The Further Adventures of Robinson Crusoe
Daniel Defoe (c.1659 -1731) was a fiction writer, journalist, pamphleteer, and spy. He was one of the first authors to write a novel. A prolific and versatile writer, he wrote more than five hundred books, pamphlets, and journals on various topics including politics, crime, religion, marriage, psychology and the supernatural. Robinson Crusoe is a fictional novel about an English castaway first published in 1719 is considered to be the first English novel. Crusoe spent 28 years on a tropical island encountering mutineers, cannibals, natives and captives. The novel is loosely based on Alexander Selkirk, a Scottish castaway, who survived for four years on a deserted island. After he returned to England Crusoe married and had three children. He settled on a farm in Bedford. He soon expressed the desire to see his island again. When his wife died he decided to make the trip. Crusoe takes various steps to consolidate leadership on the island and assure the civility of the inhabitants.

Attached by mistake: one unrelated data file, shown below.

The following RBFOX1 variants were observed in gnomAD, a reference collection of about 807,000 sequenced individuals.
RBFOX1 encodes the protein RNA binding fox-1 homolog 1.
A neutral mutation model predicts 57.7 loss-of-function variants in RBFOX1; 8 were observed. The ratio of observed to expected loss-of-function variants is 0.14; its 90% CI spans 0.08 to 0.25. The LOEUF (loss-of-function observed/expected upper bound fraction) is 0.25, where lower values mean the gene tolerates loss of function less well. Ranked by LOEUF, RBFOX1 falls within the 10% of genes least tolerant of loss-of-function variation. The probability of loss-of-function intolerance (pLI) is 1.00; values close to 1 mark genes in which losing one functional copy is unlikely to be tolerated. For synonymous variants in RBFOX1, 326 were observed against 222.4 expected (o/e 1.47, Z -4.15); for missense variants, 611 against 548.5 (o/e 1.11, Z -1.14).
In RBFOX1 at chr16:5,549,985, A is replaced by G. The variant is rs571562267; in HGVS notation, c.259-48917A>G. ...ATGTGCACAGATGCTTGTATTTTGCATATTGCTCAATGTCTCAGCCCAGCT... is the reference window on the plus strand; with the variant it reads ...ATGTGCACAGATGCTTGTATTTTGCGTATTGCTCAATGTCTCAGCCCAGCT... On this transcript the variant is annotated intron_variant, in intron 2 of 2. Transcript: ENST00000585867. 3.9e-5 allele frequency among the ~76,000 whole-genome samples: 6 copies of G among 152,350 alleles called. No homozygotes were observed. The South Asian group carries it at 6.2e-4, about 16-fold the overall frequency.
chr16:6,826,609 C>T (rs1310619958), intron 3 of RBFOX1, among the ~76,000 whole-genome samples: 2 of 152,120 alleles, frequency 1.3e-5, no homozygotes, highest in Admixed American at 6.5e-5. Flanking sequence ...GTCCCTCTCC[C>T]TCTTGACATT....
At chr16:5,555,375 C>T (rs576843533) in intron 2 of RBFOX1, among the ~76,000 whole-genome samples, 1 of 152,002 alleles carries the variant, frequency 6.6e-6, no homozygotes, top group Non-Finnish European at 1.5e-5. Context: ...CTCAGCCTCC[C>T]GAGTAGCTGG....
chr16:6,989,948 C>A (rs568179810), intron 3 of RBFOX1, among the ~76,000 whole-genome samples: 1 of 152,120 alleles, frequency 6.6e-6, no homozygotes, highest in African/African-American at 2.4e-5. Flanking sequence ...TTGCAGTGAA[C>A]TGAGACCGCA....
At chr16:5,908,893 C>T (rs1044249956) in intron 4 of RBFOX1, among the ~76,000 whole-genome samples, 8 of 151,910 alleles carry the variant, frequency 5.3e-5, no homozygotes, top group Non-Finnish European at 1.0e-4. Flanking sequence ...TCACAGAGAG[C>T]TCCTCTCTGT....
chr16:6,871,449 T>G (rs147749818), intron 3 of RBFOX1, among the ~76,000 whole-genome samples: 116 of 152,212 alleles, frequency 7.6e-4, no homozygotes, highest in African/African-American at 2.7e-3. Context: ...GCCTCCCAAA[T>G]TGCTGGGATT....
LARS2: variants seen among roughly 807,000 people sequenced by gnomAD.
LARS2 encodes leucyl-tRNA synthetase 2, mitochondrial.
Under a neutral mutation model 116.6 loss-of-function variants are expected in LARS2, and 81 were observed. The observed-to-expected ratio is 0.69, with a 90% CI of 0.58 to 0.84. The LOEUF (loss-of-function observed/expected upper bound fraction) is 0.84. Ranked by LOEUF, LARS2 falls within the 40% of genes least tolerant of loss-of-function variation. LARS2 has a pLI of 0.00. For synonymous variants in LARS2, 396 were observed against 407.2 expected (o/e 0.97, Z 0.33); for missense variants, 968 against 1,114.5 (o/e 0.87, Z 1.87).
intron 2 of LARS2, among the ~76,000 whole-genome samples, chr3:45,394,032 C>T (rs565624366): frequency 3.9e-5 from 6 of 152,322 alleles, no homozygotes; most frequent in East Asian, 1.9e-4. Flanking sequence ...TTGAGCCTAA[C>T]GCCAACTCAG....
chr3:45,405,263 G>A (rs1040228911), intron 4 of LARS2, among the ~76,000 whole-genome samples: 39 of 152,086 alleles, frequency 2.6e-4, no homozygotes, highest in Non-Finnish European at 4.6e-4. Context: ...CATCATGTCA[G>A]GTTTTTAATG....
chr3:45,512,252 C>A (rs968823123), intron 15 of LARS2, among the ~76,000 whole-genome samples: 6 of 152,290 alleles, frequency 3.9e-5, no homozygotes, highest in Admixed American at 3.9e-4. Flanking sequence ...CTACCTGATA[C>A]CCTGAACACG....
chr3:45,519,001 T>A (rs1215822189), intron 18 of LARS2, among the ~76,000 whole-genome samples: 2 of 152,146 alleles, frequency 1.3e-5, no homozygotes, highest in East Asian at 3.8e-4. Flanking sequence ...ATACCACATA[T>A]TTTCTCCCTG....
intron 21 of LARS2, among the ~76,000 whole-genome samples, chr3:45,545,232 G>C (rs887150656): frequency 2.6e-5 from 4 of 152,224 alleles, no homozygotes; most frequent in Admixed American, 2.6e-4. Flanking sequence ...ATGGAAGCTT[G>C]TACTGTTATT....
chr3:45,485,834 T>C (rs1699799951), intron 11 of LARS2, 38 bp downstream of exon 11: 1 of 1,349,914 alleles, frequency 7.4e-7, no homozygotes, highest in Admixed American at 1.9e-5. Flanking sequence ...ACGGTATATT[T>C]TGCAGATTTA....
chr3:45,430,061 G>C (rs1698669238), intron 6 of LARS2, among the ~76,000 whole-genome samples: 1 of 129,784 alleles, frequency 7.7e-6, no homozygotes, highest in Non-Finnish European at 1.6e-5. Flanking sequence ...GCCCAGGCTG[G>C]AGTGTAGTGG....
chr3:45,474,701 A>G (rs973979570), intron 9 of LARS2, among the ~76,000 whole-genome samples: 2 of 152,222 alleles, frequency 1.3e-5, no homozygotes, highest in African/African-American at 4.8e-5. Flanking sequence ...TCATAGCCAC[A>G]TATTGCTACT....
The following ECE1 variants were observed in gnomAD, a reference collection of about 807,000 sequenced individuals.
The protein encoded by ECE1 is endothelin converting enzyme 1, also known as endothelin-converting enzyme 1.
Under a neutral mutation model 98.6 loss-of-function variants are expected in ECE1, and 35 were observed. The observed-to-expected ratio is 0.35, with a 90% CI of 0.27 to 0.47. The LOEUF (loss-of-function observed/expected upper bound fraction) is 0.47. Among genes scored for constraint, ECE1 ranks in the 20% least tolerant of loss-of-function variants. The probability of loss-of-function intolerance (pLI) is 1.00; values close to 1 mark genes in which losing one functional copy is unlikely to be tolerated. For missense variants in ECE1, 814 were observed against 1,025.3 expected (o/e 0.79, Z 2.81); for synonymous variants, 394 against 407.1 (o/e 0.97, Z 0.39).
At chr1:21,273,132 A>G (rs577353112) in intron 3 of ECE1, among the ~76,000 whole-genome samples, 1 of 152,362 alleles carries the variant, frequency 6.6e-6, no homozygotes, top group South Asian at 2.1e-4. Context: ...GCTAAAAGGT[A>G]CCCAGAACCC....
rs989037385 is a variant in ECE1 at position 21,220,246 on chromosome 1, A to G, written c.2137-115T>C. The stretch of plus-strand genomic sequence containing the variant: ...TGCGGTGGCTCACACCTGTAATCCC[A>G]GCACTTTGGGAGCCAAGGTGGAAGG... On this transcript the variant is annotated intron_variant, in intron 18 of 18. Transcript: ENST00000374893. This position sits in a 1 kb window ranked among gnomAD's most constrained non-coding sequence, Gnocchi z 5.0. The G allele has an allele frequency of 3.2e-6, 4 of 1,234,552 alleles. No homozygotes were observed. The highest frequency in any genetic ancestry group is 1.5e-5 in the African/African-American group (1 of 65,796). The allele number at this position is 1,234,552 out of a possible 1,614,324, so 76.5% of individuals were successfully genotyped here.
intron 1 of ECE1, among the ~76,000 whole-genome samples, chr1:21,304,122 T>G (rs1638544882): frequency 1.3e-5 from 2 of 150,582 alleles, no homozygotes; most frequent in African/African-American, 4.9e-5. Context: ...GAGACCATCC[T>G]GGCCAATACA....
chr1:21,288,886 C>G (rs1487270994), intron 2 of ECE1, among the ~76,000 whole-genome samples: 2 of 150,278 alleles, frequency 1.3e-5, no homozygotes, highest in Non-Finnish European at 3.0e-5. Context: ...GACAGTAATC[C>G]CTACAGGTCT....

- Paperback | 120 pages
- 152.4 x 228.6 x 7.62mm | 231.33g
- 28 May 2015
- United States
- black & white illustrations